Ducks MVP? A matter of numbers

Kevin Cline Photography

Kevin Cline Photography

I was thinking this week that I would come up with my own player efficiency rating for our basketball team.  I have not done any research in regards to anyone else’s equations, so if mine is similar to something you have seen before, know that I have not copied anyone.  This is the equation I have decided on that best shows which player is truly the most valuable player for the Ducks, not just the player that scores the most points.  In order to appear on my list, the player must have played in at least 15 games this season.  This is strictly a statistical ranking, it has nothing to do with leadership or playing good in clutch games.

I will be using the following equation.  Points+Rebounds+Assists+Steals+Blocks equals the players offensive output rating.  Then I will take the offensive output rating – turnovers which equals the game output rating.  Finally, I will take the players game output rating and multiply it by their free throw percentage, and that will equal the players total efficiency rating.  For example, if a players offensive output rating is 10 and they commit 1.5 turnovers per game and they shoot 85.1% from the free throw line, the equation will look like this; 10 – 1.5 = 8.5 x .851 = 7.234.  This particular player’s efficiency rating would then be 7.234.  I have added the free throw percentage in to the equation because I feel it is very important, as most free throws are taken towards the end of the game and can determine the final score.

So, without further ado, here are my player efficiency ratings.

1. Arsalan Kazemi: 23.4 – 1.4 = 22 x .718 = 15.796

Arsalan Kazemi tops my list as the no. 1 most efficient player on the team.  Kazemi gets it done in all phases, and has the highest offensive output rating.  He also shoots 71.8% from the free throw line, which helps his total score.  When the Ducks need solid play, Kazemi is the one player they can always rely on to get it done.  It’s too bad that Oregon only has him for one season.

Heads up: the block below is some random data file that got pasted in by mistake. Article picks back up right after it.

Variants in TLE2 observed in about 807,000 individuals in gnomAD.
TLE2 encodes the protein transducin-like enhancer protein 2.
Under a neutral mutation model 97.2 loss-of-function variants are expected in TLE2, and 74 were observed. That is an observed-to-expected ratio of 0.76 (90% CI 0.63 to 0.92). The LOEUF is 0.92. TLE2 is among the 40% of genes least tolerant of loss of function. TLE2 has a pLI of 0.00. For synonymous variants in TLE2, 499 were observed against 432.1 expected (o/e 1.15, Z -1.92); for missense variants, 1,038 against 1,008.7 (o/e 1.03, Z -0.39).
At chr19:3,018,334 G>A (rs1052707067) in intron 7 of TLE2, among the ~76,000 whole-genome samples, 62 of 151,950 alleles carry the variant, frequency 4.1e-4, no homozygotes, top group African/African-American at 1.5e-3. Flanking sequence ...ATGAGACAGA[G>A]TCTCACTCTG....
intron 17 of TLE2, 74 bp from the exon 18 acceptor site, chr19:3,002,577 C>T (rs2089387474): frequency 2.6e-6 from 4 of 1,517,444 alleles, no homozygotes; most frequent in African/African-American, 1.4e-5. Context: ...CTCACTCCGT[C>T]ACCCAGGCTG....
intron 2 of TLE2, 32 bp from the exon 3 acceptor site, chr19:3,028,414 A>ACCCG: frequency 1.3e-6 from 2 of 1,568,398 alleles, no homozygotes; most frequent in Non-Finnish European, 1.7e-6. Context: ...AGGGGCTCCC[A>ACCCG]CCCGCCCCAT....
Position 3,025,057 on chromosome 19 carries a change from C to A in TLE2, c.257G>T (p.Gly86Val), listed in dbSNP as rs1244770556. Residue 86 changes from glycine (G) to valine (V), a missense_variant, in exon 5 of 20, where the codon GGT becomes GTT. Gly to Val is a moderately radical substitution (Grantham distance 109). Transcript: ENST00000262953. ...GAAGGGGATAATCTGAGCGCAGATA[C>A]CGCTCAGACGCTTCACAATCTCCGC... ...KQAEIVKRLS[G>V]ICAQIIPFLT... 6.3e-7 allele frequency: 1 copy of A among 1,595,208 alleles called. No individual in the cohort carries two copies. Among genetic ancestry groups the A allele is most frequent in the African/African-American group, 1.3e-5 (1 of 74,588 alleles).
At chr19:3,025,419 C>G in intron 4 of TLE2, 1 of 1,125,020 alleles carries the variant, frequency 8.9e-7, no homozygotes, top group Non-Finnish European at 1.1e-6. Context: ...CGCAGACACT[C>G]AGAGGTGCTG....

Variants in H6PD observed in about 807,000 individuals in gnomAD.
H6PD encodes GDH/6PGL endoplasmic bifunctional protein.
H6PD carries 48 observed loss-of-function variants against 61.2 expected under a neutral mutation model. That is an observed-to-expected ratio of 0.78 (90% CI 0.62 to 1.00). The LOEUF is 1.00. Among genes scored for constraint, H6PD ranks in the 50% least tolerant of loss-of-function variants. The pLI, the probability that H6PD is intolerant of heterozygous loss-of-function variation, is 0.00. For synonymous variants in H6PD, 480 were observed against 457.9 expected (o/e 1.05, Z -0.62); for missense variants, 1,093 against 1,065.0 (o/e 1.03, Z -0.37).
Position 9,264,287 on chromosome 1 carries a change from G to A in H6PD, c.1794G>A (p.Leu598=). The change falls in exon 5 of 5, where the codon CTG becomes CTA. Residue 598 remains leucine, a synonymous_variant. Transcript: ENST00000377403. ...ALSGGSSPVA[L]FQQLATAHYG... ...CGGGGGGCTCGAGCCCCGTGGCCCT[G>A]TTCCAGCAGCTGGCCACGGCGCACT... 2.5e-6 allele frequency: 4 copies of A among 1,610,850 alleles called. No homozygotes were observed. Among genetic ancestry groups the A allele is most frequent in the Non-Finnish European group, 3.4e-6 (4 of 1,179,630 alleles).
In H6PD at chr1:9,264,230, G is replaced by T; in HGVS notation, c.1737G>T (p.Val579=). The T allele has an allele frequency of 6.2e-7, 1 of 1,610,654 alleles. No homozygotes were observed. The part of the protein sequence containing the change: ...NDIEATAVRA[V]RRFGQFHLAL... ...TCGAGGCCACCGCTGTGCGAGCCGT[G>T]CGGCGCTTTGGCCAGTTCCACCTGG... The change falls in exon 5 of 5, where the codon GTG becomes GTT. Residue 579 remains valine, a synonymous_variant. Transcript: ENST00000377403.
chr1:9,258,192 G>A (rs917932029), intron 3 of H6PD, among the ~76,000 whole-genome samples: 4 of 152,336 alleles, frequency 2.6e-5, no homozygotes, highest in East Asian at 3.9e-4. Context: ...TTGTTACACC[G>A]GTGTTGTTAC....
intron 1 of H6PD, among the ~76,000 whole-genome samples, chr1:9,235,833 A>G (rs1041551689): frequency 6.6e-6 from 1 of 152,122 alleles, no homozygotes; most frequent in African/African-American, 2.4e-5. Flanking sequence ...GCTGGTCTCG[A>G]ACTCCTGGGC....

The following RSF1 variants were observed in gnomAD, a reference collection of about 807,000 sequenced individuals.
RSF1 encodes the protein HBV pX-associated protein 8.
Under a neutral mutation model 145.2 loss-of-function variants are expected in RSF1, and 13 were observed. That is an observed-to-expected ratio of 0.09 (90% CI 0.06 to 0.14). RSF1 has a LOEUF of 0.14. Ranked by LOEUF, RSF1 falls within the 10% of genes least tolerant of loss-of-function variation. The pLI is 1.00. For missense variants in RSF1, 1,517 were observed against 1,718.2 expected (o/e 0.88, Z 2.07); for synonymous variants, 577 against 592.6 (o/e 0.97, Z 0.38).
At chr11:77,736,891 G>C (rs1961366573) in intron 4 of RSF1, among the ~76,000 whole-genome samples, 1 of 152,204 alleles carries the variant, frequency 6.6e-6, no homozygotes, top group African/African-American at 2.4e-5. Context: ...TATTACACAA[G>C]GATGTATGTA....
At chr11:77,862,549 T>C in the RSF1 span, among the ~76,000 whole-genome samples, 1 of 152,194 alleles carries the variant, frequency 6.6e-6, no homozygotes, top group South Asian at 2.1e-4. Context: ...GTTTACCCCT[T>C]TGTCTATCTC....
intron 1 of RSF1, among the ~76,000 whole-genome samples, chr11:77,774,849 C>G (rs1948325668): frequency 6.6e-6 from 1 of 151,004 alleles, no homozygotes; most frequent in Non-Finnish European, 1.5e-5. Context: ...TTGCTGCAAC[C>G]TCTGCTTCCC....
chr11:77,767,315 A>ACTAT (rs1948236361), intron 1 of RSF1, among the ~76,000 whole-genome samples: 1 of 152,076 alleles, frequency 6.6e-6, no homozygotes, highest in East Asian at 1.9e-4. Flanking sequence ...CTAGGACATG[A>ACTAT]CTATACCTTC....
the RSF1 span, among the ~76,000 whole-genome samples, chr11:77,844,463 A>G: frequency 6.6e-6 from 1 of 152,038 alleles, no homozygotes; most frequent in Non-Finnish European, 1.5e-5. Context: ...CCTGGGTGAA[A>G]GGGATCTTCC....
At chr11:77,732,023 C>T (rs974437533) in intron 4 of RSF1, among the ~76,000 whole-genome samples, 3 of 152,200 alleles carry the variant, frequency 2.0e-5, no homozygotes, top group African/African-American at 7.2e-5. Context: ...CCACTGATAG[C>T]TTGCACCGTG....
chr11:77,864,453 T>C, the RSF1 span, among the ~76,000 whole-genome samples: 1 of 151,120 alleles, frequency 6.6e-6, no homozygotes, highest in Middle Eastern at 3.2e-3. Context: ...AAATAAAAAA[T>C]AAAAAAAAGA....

2. E.J. Singler: 20.7 – 2.5 = 18.2 x .824 = 14.996

Singler is less than a point behind Kazemi.  Anyone who has watched Oregon for the last four years knows how valuable he is to the team.  Singler is another player that Oregon can rely on in sticky situations to get the job done.  He has lower offensive and game output ratings than Kazemi, but his great free throw shooting helped him stay close in his total efficiency rating.

3. Damyean Dotson: 16.8 – 1.3 = 15.5 x .755 = 11.702

Freshman Damyean Dotson comes in 3rd on my list.  Dotson has been significant for Oregon this season in their run to win the Pac-12.  He has a good game output rating and shoots fairly well from the charity stripe.  Hopefully he is not too injured after his fall against Oregon State.  The Ducks can’t afford to replace one injured freshman for another if they want to have a good post season.

4. Carlos Emory: 17.6 – 2.1 = 15.5 x .744 = 11.532

2012 Walt’s Photography

Emory barely fell behind Dotson in his efficiency rating.  He has a higher offensive output rating, but commits more turnovers, which makes it a tie for game output rating.  He also has a slightly lower free throw percentage than Dotson, and that puts him in 4th.

5. Dominic Artis: 18 – 2.6 = 15.4 x .689 = 10.610